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8 Types Of Traditional Tents: A Look At Shelter Around The World

8 Types Of Traditional Tents: A Look At Shelter Around The World

When you look at all of the modern tent options we have in present-day camping; you sometimes can't help but wonder where they all came from. Traditional tents have designs which are still relevant in the present day, and we see more and more options on the market that mirror them in some way.

In this guide, we’re going to be looking over eight traditional tents that are some of the most influential designs for portable shelter in history. You’ll find that many of these tents were made by nomadic societies, like the Algonquin Native Americans who were traditionally hunters, always on the move.

White Tent

We’ll be talking about the purposes of these various traditional tents, but we’ll also go over how they were designed and built. You may also be interested in whether or not some of these designs are still used in the present day and whether they have been further refined, so we’ll also go over that.

Wigwam

Wigwams are relatively small traditional tents that feature a dome or cone shape. These tents were most notably used by various Native American tribes, but unlike other small tent designs, the wigwam wasn’t meant to be disassembled and brought to a new area when the tribe moved on.

Wigwam Native Tent

Instead, these tents were designed to be easy to build with a wide range of materials. When it comes to how to build a wigwam, these tents could have been made out of grass, reeds, tree bark, and many more things. Keep in mind that wigwams were ten feet at maximum, making them rather compact.

Yurt

Yurts are a little more versatile than other traditional tent types, as there are many different kinds of them. These tents were traditionally used by people in Asia, typically living on the steppes. For example, yurts were widely used in Mongolia, though they are known as a “ger” in their language.

Asian Yurt Tent

Yurts are, in fact, still used in the present day, and they can range from simple sheepskin constructions to surprisingly large dwellings that are furnished and feature a permanent foundation. Some families even decide to go on a retreat to a yurt to get away for a little while.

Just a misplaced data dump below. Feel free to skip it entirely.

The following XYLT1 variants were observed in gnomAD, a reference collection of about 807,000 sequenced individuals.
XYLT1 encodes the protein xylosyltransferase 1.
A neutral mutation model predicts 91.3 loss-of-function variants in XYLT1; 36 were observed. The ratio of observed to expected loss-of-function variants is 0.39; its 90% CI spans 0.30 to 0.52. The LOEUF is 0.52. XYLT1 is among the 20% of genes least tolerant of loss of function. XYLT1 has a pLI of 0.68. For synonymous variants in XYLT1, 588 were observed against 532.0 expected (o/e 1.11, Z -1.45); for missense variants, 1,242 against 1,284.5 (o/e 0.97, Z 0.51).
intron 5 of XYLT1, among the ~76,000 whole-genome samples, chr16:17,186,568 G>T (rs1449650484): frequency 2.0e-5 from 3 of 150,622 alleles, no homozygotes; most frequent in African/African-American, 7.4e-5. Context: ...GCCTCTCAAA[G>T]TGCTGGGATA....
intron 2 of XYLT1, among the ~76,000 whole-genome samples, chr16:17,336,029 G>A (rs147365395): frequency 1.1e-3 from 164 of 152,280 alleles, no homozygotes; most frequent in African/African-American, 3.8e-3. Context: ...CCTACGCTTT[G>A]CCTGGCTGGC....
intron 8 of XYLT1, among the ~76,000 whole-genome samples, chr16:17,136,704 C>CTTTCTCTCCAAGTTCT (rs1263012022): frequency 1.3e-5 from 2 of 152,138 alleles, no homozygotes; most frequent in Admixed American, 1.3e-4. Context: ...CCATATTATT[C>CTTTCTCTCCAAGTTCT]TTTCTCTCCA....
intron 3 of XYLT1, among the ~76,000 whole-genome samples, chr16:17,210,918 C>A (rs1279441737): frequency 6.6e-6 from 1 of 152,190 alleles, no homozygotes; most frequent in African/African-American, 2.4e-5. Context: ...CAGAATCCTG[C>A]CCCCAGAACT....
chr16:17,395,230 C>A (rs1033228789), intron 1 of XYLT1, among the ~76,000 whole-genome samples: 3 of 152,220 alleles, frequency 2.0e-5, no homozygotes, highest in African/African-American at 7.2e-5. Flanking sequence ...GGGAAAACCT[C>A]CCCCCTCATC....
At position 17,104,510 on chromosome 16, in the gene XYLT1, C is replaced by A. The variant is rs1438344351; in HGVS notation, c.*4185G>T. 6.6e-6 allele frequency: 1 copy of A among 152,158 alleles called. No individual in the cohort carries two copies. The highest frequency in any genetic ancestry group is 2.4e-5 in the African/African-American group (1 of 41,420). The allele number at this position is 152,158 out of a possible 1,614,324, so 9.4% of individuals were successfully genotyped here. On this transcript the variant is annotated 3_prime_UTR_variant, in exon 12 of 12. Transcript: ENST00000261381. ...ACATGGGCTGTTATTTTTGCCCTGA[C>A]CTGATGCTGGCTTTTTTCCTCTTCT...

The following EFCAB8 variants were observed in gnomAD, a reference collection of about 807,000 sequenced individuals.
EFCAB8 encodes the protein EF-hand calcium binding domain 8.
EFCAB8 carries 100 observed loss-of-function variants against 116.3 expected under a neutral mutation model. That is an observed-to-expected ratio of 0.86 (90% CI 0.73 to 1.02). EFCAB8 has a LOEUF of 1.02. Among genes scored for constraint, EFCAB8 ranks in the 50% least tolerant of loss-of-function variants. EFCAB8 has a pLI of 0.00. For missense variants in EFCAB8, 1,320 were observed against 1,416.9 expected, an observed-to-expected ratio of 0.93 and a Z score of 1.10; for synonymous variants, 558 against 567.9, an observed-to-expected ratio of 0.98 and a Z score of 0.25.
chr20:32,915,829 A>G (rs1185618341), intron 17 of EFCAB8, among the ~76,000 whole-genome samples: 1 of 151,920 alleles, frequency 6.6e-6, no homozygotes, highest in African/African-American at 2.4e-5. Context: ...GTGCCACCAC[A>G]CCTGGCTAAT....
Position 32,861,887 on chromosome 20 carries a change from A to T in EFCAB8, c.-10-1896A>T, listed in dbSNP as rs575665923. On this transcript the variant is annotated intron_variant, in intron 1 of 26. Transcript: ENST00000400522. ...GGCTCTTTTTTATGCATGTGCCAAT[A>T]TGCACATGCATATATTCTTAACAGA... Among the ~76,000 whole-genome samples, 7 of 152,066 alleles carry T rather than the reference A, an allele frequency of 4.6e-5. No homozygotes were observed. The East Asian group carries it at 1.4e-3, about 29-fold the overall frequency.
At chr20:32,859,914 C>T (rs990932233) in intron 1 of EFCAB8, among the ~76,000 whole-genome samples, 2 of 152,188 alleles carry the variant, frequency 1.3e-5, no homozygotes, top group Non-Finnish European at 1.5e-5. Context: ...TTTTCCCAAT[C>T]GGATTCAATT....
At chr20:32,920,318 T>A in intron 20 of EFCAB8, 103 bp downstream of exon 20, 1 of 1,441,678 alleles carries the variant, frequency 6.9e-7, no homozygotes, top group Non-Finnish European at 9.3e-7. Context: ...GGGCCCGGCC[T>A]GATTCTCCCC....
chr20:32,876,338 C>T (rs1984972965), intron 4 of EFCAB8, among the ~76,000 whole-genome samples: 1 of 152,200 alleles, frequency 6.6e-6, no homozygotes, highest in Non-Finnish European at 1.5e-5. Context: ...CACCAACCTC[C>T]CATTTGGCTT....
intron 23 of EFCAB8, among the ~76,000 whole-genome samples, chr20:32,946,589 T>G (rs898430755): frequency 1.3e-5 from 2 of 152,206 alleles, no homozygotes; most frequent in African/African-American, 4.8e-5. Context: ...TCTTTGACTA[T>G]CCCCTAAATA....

Teepee

Also known as a tipi, this kind of tent is one of the most recognizable traditional types around due to its cone shape. Teepees were used by Native American tribes on the plains because they did not require too many resources, which could get rather sparse in the wide-open grasslands they inhabited.

Classic Teepee tent

Teepees feature a simple construction that consists of animal skins wrapped around a conical frame that is made of several thin shafts of wood. One of the most recognizable aspects of the teepee is that it features flaps and an opening near the top of the tent so that smoke can be ventilated.

Tupiq

A tupiq is a traditional tent type that is used by people of the Native Americans, far to the north. If you’re interested in how to build a tupiq, you’ll find that they are made out sealskin, as that is the only material thick enough to provide the needed insulation during the harsh winters.

Tupiq Tant

There are a few different tupiq designs, mostly split up by size, as there are individual tents and also family versions of them. As with many Native American tent designs, Tupiqs feature a conical shape. These tents are no longer used in the present day, having been replaced by canvas designs.

Lavvu

The lavvu is a type of traditional tent that is used by the Sami people in Finland and in adjoining regions. This tent is very similar in construction to a teepee, featuring a skin wrapped around a cone of supporting poles which have notches and forks to keep them together.

Lavvu Tent Natives

This type of tent is designed to be temporary, much like a teepee, as it can be disassembled and taken to the next site. The key difference between a lavvu and a teepee has to do with the shape and the way the materials are cut. Most notably, a lavvu is lower to the ground and wider than a teepee.

Kohte

One of the more interesting traditional tent designs in Western Europe is the kohte, which is used by the German boy scouts. This tent is recognizable due to the unique shape of the four panels that make it up and their jet black color. When it was first created, the kohte was inspired by the lavvu.

Kohte Tent

These tents are supported by A-frames, and they feature a smoke hole at the top which can be covered up to keep in heat and keep out the rain. The poles aren't carried with the campers, as they are instead found around the campsite, though the panels will be split up and carried by one person each.

Bell Tent

The bell tent is a popular tent design that has been used by many different peoples throughout history. These tents have been used as homes, bivouacs and much more, as they are a simple and versatile design with a relatively spacious interior. Most bell tents will have at least ten feet of floor space.

Bell Tents Old

These tents feature a simple design that includes a single central supporting pole, ensuring that the users will not have to go out of their way to source materials. Apart from that, there are also guy wires that support the walls of a bell wedge tent, allowing them to retain their shape.

Nomadic Tents

There are many different kinds of nomadic tents, but this term is often used to refer to the ones that are used by the peoples of central Asia. Most of these tents are made from the wool of yaks, and they tend to feature a rectangular shape. The number of people living in these tents declines year by year, however.

Bedouin Tent

Conclusion

We hope that this list has been able to introduce you to a range of different traditional tent designs. Feel free to leave a comment down below and let us know what you think of these tents or if you’ve ever stayed in one of them.